I’m still often confused about what’s going on, and why, but it’s impressive how the bones of Pac-Man fit so neatly into a battle royale experience, with so much thought put into the use of intel and basic strategy that the skill ceiling is currently hard to fathom. Then there’s the fact that you can have the whole game loaded and be in a full match in just a minute or two. The result is both confounding and empowering. When I win, it’s of course due to my skill, and when I lose?
Brynn's tale is told mostly in flashback, for obvious reasons, and as I watched it play out, I could make some limited decisions by putting the cursor on one of the eyeball icons on the screen and blinking to make my selection. Once the interactive portion of a moment is over, a metronome begins to tick back and forth at the bottom of the screen, even if characters are still talking. You can stay in that moment as long as you'd like ... as long you can keep yourself from blinking. Blink, and you're removed from the memory and sent someplace else.
This isn't a game you'll return to over and over, due to the heavy emphasis on a linear story with large-scale set-pieces hinting at the much bigger war around you. But it's absolutely worth playing through at least once, or playing again if you haven't touched it since its original release.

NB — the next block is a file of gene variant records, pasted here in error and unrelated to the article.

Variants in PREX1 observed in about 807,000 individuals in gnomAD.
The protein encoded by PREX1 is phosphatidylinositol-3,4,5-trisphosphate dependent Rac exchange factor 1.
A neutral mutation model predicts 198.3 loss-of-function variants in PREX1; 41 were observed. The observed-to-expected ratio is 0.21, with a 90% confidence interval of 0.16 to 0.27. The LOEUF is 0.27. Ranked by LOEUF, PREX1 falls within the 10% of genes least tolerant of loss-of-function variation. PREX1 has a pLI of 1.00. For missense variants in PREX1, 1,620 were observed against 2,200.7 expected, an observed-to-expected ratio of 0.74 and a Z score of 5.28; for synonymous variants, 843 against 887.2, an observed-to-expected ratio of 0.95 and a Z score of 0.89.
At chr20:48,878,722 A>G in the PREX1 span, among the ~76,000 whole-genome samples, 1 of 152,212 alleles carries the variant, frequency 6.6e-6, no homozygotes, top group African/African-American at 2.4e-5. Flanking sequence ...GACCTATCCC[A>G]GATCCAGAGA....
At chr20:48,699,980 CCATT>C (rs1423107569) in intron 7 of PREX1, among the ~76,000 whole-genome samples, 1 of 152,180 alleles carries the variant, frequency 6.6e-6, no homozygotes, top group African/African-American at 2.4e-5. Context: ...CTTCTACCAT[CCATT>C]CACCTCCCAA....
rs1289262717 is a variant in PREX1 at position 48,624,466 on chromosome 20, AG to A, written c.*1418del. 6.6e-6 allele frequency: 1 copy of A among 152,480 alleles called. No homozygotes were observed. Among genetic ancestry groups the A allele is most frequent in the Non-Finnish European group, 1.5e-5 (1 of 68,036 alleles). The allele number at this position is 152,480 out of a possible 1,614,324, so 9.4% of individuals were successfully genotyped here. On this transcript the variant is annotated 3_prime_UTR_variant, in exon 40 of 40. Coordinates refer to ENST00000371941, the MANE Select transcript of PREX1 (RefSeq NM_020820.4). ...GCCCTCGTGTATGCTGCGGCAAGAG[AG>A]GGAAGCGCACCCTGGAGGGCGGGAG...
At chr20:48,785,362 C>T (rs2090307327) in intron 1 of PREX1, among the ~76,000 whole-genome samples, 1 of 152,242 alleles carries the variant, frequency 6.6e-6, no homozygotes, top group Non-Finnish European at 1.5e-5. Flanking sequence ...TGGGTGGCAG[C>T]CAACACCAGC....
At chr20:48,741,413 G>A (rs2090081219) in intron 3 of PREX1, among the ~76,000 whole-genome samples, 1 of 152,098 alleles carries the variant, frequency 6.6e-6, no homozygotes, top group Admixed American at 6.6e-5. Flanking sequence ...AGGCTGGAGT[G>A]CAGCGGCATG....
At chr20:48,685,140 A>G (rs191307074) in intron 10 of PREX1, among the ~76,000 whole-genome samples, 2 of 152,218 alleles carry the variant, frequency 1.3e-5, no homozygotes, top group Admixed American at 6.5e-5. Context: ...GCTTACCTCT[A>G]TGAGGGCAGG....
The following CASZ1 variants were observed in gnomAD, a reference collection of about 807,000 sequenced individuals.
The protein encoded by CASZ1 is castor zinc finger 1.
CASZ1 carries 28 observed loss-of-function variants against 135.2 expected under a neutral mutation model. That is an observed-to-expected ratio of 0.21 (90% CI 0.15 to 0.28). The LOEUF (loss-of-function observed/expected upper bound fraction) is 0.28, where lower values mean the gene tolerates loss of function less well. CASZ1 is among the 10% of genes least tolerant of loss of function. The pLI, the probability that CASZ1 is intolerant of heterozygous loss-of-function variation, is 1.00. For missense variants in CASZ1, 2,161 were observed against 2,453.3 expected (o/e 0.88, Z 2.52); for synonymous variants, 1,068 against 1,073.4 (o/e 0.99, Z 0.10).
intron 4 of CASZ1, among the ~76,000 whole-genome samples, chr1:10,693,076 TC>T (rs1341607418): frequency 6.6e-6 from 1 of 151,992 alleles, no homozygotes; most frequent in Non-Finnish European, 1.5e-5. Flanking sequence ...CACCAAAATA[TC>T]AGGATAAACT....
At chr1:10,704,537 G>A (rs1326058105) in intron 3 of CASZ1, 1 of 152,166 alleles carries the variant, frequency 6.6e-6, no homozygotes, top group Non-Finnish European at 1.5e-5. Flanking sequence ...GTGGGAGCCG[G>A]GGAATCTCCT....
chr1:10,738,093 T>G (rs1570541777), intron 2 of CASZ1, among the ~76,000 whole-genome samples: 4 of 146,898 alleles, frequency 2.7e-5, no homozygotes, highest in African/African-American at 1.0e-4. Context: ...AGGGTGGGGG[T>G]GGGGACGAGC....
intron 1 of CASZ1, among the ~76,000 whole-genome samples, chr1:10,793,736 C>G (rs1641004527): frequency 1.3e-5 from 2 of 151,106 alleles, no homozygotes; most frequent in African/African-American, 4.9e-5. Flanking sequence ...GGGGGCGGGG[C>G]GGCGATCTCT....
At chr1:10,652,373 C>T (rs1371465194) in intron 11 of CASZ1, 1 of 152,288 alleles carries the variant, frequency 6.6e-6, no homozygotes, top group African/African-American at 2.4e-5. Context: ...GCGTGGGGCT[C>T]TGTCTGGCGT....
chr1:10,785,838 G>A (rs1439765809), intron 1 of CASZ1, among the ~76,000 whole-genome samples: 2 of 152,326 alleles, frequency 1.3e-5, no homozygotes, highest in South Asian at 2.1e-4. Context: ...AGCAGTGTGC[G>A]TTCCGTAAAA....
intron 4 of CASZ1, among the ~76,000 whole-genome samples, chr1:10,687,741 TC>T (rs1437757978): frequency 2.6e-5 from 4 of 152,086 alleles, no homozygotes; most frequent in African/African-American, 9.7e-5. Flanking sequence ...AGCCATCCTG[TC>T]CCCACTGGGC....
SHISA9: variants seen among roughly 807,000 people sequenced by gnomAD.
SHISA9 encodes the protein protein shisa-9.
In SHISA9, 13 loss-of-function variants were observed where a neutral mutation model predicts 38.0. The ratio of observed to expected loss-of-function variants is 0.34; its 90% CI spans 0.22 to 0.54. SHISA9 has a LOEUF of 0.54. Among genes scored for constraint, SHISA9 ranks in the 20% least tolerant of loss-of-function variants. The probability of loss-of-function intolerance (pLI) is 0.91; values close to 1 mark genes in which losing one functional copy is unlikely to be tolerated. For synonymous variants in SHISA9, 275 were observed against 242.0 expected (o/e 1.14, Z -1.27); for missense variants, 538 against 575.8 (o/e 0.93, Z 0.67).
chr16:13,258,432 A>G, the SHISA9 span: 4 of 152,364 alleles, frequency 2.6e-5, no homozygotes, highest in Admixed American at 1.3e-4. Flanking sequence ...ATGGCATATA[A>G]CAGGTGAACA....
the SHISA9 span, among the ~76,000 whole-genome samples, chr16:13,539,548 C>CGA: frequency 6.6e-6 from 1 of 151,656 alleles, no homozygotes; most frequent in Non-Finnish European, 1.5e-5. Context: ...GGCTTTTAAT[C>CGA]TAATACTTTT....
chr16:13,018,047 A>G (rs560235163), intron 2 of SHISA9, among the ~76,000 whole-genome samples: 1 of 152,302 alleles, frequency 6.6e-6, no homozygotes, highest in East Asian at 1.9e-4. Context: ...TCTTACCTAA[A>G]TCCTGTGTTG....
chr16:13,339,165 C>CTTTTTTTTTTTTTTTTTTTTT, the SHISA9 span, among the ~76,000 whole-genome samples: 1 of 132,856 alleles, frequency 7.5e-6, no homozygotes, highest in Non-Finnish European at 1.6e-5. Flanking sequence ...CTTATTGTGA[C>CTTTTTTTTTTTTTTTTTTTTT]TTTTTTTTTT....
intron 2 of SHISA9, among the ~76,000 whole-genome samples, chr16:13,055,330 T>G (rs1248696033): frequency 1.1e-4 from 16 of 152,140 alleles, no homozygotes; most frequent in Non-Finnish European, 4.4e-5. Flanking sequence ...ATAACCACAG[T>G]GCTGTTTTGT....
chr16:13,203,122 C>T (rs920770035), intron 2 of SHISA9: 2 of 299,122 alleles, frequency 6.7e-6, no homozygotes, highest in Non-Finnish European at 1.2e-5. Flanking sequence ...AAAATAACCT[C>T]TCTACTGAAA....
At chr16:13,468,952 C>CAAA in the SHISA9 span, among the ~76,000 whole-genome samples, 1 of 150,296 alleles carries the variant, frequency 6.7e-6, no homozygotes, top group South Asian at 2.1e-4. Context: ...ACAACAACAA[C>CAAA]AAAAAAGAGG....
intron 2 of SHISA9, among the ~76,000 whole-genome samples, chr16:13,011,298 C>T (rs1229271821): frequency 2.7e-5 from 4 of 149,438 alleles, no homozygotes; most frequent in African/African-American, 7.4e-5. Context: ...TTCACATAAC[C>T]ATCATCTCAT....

You'll also be earning gear as your hero fights to survive, and juggling your loadout is a constant, unending job. Learning about each magical effect takes experimentation, since Loop Hero explains very little. What will this ring with those stats do when paired with this shield? What even is "vampirism," and could it be good in this context? You have to try different things and find out what works, much like parenting. Using trial and error to learn and figure things out is a great way to explore the world with your children, and it's almost a mandatory skill to perfect your run in Loop Hero.
Or you can remove the stress altogether and play on the lowest difficulty setting, which eliminates the stamina meter, allowing the player to zoom up the side of each environment and focus on enjoying the view and the experience. You do have to play the climbs in each environment in order of difficulty to unlock them in the scored modes where you unlock new gear. But every single climb is available to try on the casual setting from the jump, a welcome feature for anyone who just wants to be a virtual tourist on these mountains and structures.
From racing against the computer to taking on friends with their own karts to designing the perfect track to just exploring your place through the eyes of a tiny, kart-racing Mario, this is a toy in the best way: a portal to inventive, constantly changing play that’s fun no matter how you decide to interact with the platform. Your home is now Mario’s own set of challenges and opportunities, and that’s a jump I did not expect from the Mario Kart franchise.